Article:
Opinion | Raisi Transformed Iran's Foreign Policy. Yet, His Death Won't Change Much

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On May 19, the world was stunned by news of the disappearance and later the crash of a helicopter in the Varzhagan region of northwestern Iran, carrying the country's President, Ebrahim Raisi, Foreign Minister Hossein Amir Abdullahian, and other officials. The next day, Vice-President Mansouri confirmed reports that Raisi and his delegation had died in the crash. First Vice-President Mohammad Mukhbel will now serve as the Acting President of Iran until fresh elections are held. The Deputy Foreign Minister, Ali Bagheri Kani, has taken charge as the Acting Foreign Minister. According to the Iranian Constitution, in the event of the death of the President, Iran must hold a fresh election in 50 days. 

Raisi was returning from the Azerbaijan border on Sunday after flagging off a jointly built dam project with his Azeri counterpart, Ilham Aliyev. The project is the third dam built by the two countries on the Arax River. According to the Islamic Republic News Agency (IRNA), Raisi was travelling on a US-made Bell 212 helicopter, which was not in the best condition reportedly because of the US embargo on the supply of spare parts to Iran.

A Chequered Legacy

While the provisions of the Iranian Constitution do not leave room for any power vacuum, Raisi, 63, leaves behind a somewhat mixed legacy. Beginning life as a cleric and then moving on to the judiciary, Raisi rose consistently in rank to finally become president in 2021. Unlike his "reformist" predecessor Hassan Rouhani, Raisi belonged to the "hardliners" camp. He was known to be close to the Supreme Leader Ayatollah Ali Khamenei and was seen by many as one of his possible successors. 

Raisi took charge in Tehran against the backdrop of a crumbling Iranian economy, further devastated by renewed US sanctions as the then US President, Donald Trump, pulled out of the Joint Comprehensive Plan of Action (JCPOA) that iran had negotiated with the US, the UK, France, Russia, China, Germany, and the European Union. The Covid-19 pandemic further exacerbated his challenges.

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Difficult as the situation was, his government ordered a tightening of morality laws. Under Raisi's watch, Iranians saw a bloody crackdown on the allegedly "anti-government" protests - also called the Enghelab protests - in 2022 against compulsory hijab and dress codes. Hundreds of people were reported to have died in the crackdown, and many more were arrested.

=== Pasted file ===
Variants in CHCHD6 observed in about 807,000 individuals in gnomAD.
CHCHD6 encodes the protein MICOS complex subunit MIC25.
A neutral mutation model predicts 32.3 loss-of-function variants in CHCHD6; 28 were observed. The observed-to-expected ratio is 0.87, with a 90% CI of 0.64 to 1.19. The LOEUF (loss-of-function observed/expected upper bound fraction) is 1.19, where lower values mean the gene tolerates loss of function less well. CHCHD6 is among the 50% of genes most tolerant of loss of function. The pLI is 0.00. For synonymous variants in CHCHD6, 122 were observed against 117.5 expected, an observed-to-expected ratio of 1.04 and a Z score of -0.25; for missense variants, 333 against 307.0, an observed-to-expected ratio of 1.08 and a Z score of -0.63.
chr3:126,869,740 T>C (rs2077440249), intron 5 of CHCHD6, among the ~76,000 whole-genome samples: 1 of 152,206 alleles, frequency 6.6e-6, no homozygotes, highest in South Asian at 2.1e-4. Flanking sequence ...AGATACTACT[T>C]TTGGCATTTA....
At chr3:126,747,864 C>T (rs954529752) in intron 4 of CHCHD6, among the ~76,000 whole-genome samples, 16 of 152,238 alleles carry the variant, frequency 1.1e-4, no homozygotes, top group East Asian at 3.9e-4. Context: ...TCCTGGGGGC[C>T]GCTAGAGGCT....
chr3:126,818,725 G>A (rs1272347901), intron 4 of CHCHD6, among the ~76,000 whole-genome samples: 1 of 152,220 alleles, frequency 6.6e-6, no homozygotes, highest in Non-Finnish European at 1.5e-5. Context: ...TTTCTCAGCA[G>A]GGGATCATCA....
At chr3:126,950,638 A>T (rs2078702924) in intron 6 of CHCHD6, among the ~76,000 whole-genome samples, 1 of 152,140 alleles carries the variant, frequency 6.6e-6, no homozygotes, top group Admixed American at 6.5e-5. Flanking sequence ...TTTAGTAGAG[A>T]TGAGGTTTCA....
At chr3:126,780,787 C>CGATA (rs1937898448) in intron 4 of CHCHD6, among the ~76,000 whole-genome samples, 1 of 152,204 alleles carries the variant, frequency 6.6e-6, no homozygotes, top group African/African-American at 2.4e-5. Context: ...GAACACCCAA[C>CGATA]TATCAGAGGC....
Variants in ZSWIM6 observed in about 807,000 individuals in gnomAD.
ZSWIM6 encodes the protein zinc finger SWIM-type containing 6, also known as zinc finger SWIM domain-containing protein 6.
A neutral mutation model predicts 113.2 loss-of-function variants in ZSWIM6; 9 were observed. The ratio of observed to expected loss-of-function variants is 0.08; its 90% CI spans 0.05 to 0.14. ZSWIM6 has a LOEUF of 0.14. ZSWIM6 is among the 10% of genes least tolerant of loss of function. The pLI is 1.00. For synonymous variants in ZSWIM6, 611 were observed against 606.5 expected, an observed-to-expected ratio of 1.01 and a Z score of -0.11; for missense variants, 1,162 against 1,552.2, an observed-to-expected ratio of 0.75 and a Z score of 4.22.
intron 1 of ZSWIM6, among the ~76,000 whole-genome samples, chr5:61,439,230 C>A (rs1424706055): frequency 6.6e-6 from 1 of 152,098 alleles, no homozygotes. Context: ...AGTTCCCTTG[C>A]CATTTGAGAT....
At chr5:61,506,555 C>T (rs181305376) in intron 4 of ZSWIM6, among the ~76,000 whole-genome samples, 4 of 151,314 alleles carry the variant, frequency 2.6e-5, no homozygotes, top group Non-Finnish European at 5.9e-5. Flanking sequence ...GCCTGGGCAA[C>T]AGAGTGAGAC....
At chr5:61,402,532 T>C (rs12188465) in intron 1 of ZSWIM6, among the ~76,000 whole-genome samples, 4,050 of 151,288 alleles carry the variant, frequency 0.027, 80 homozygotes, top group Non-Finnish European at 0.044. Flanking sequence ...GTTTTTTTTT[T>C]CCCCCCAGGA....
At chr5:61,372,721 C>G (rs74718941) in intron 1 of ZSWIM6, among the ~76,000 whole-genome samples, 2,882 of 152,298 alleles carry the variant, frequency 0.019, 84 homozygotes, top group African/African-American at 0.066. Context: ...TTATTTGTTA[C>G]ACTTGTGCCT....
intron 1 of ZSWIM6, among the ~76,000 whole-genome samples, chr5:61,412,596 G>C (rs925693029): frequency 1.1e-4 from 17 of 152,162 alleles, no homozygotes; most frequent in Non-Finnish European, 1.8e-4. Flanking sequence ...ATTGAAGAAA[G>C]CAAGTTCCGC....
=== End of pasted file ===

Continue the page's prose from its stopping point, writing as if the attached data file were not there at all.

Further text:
Decades before that, he was also sanctioned by the US administration for his alleged role in the 1988 executions of thousands of political prisoners in the country's jails - charges that he had denied but which earned him the infamous moniker of the "Butcher of Tehran". Raisi's conservative policies made him a chequered figure in domestic Iranian politics. 

A Tough Bargainer

On the other hand, in terms of foreign policy, Raisi was a firm negotiator in nuclear talks with world powers. With the JCPOA in jeopardy, Raisi and his Foreign Minister pivoted to the east, drawing Iran closer to countries like Russia, China, the Central Asian countries, and even Africa. Raisi even expended effort in cultivating better relations with India at a time when bilateral relations were under a cloud because of the sanctions on Tehran.

Under Raisi, Iran concentrated more on regional and Eurasian partnerships. The country became a member of both BRICS and the Shanghai Cooperation Organisation, and Raisi had thanked Prime Minister Narendra Modi for helping facilitate these memberships. During his reign, Iran also entered a "truce" facilitated by China with arch-rival Saudi Arabia. This led to the reestablishing of diplomatic relations between the two. Additionally, Iran has also been helping Russia in its war on Ukraine by supplying it with military drones.